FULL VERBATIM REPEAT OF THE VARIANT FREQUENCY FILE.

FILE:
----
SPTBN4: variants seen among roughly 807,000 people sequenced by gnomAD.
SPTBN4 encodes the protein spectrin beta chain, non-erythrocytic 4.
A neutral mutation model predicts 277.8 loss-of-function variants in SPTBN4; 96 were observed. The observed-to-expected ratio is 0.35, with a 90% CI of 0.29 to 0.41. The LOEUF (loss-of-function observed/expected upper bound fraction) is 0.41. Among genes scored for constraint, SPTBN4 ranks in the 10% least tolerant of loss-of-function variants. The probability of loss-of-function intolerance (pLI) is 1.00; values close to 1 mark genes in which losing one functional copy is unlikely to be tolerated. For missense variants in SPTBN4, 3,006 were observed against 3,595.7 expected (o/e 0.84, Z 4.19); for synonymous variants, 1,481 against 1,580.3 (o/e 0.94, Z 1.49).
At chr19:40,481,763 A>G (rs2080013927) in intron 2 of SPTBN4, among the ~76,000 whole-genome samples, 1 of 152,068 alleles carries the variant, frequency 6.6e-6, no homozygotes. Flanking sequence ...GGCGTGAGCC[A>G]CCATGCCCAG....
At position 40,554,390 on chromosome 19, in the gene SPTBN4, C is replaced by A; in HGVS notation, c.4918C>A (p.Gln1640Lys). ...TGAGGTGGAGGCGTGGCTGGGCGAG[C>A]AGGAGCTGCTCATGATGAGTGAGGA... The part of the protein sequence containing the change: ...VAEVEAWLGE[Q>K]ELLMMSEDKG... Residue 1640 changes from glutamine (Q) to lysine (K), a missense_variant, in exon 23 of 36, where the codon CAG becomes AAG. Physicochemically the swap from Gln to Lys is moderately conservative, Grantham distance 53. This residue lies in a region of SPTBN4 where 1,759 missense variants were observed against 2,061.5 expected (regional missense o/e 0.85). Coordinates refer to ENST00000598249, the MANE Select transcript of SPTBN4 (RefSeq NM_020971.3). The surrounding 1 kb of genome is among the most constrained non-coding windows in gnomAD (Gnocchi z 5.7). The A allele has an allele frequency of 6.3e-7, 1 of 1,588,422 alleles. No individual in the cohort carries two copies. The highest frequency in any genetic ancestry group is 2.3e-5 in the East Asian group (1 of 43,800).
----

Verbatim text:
SPTBN4: variants seen among roughly 807,000 people sequenced by gnomAD.
SPTBN4 encodes the protein spectrin beta chain, non-erythrocytic 4.
A neutral mutation model predicts 277.8 loss-of-function variants in SPTBN4; 96 were observed. The observed-to-expected ratio is 0.35, with a 90% CI of 0.29 to 0.41. The LOEUF (loss-of-function observed/expected upper bound fraction) is 0.41. Among genes scored for constraint, SPTBN4 ranks in the 10% least tolerant of loss-of-function variants. The probability of loss-of-function intolerance (pLI) is 1.00; values close to 1 mark genes in which losing one functional copy is unlikely to be tolerated. For missense variants in SPTBN4, 3,006 were observed against 3,595.7 expected (o/e 0.84, Z 4.19); for synonymous variants, 1,481 against 1,580.3 (o/e 0.94, Z 1.49).
At chr19:40,481,763 A>G (rs2080013927) in intron 2 of SPTBN4, among the ~76,000 whole-genome samples, 1 of 152,068 alleles carries the variant, frequency 6.6e-6, no homozygotes. Flanking sequence ...GGCGTGAGCC[A>G]CCATGCCCAG....
At position 40,554,390 on chromosome 19, in the gene SPTBN4, C is replaced by A; in HGVS notation, c.4918C>A (p.Gln1640Lys). ...TGAGGTGGAGGCGTGGCTGGGCGAG[C>A]AGGAGCTGCTCATGATGAGTGAGGA... The part of the protein sequence containing the change: ...VAEVEAWLGE[Q>K]ELLMMSEDKG... Residue 1640 changes from glutamine (Q) to lysine (K), a missense_variant, in exon 23 of 36, where the codon CAG becomes AAG. Physicochemically the swap from Gln to Lys is moderately conservative, Grantham distance 53. This residue lies in a region of SPTBN4 where 1,759 missense variants were observed against 2,061.5 expected (regional missense o/e 0.85). Coordinates refer to ENST00000598249, the MANE Select transcript of SPTBN4 (RefSeq NM_020971.3). The surrounding 1 kb of genome is among the most constrained non-coding windows in gnomAD (Gnocchi z 5.7). The A allele has an allele frequency of 6.3e-7, 1 of 1,588,422 alleles. No individual in the cohort carries two copies. The highest frequency in any genetic ancestry group is 2.3e-5 in the East Asian group (1 of 43,800).